Council to spend $4.4 million on cycleways

Local cyclist Lee Barkas has commended Lismore City Councils $4.4 million cycleway strategy.

After 10 years of planning, Lismore City Council is ready to start work on its $4.4 million cycleway strategy.

Council voted unanimously last Tuesday night to skip a proposed 28-day public exhibition period and charge ahead with the proposed works.

I ride to town on the footpaths everyday, local cyclist Lee Barkas said. So if Council are going to turn those footpaths into shared cycleways thatll be great. People dont understand how dangerous it is on the road. Lismore City Council should be commended.

The plan will involve the building of 14.6km of off-road cycleways, 5.4km of on-road cycleways and the widening of another 13.1km of existing footpaths to meet cycleway standards.

The cycleway strategy, which has no concrete date for completion, will link Goonellabah with downtown Lismore and includes circuits around North Lismore, South Lismore, East Lismore and Goonellabah.

The plan includes the construction of 35 road crossings, 14 bike racks and two secure bike parking stations.

Avid local cyclist Nan Nicholson said she was pleased Lismore would have 33km of new cycleways. However, she sounded a note of warning that the strategy did not address cycling within the CBD. She said it would be interesting to see how Council dealt with giving cyclists further access to that area.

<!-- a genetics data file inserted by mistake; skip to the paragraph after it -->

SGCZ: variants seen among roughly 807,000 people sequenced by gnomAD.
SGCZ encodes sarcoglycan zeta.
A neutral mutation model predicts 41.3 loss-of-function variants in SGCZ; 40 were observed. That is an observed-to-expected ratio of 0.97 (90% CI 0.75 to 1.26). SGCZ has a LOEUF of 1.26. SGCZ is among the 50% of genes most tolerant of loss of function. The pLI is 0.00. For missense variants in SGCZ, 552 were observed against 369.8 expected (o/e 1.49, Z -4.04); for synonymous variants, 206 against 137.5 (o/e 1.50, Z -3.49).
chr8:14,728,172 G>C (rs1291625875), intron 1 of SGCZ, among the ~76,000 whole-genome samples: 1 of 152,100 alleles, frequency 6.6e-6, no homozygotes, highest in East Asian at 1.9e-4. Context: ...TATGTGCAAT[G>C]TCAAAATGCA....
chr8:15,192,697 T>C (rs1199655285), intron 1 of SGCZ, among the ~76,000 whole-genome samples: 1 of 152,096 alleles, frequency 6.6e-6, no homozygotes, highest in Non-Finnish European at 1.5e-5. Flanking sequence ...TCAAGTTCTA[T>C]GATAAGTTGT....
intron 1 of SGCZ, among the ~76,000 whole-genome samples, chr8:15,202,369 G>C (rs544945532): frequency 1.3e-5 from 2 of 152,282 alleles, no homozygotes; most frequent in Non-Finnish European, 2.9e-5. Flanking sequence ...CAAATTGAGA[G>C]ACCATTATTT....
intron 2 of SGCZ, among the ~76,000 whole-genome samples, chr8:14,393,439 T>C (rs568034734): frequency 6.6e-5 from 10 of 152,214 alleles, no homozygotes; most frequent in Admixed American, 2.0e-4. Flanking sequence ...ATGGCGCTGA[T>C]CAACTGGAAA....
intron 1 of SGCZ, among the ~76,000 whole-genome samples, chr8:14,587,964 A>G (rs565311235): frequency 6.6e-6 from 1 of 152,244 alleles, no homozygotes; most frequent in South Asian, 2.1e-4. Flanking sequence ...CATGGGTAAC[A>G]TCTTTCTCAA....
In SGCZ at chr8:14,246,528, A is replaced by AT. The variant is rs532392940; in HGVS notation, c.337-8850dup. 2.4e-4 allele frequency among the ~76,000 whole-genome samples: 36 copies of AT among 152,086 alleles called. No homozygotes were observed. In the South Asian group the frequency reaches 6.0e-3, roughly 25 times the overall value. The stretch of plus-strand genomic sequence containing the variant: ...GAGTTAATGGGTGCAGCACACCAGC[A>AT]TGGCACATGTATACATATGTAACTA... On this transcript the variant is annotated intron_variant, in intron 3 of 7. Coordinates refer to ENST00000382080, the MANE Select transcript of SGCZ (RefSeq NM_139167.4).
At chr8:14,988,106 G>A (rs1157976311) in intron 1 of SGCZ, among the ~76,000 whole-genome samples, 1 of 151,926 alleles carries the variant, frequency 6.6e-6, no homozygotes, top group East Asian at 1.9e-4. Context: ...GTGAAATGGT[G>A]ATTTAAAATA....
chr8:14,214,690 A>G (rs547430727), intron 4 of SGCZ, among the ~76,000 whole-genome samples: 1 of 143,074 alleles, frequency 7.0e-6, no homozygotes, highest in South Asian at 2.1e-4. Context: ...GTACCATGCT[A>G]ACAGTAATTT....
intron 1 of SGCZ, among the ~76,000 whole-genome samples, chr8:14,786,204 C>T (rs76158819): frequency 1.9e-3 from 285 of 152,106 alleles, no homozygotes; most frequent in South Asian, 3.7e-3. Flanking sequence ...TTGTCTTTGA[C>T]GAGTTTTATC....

The cycleway strategy, produced by the Local Government Engineering Service, deferred any plans on the CBD until the completion of a traffic study. The first workshop for the study is in two weeks.

While the vote for works to proceed was unanimous, Cr John Hampton suggested the project was a complete waste of money and that Council should provide a $100 prize to anyone who even saw a bicyclist in town.

Thats how rare they are, Cr Hampton said.

Crs Jenny Dowell and Frank Swientek were keen to have the plan placed on exhibition.

We should open this up to the public, Cr Swientek said. There are a lot of good ideas out there and we should encourage people to give input.

However, general manager Paul OSullivan made it clear that money for the cycleway strategy had already been allocated as part of the budget.

So it would be wrong to place it on exhibition, Mr OSullivan said.

Council held two public meetings and consulted schools, Southern Cross University, police, and cycling groups on the cycle plan.

Work on the first two sections of the cycleway strategy, in Lismore Heights and Rotary Drive, is due to begin before the end of the financial year.

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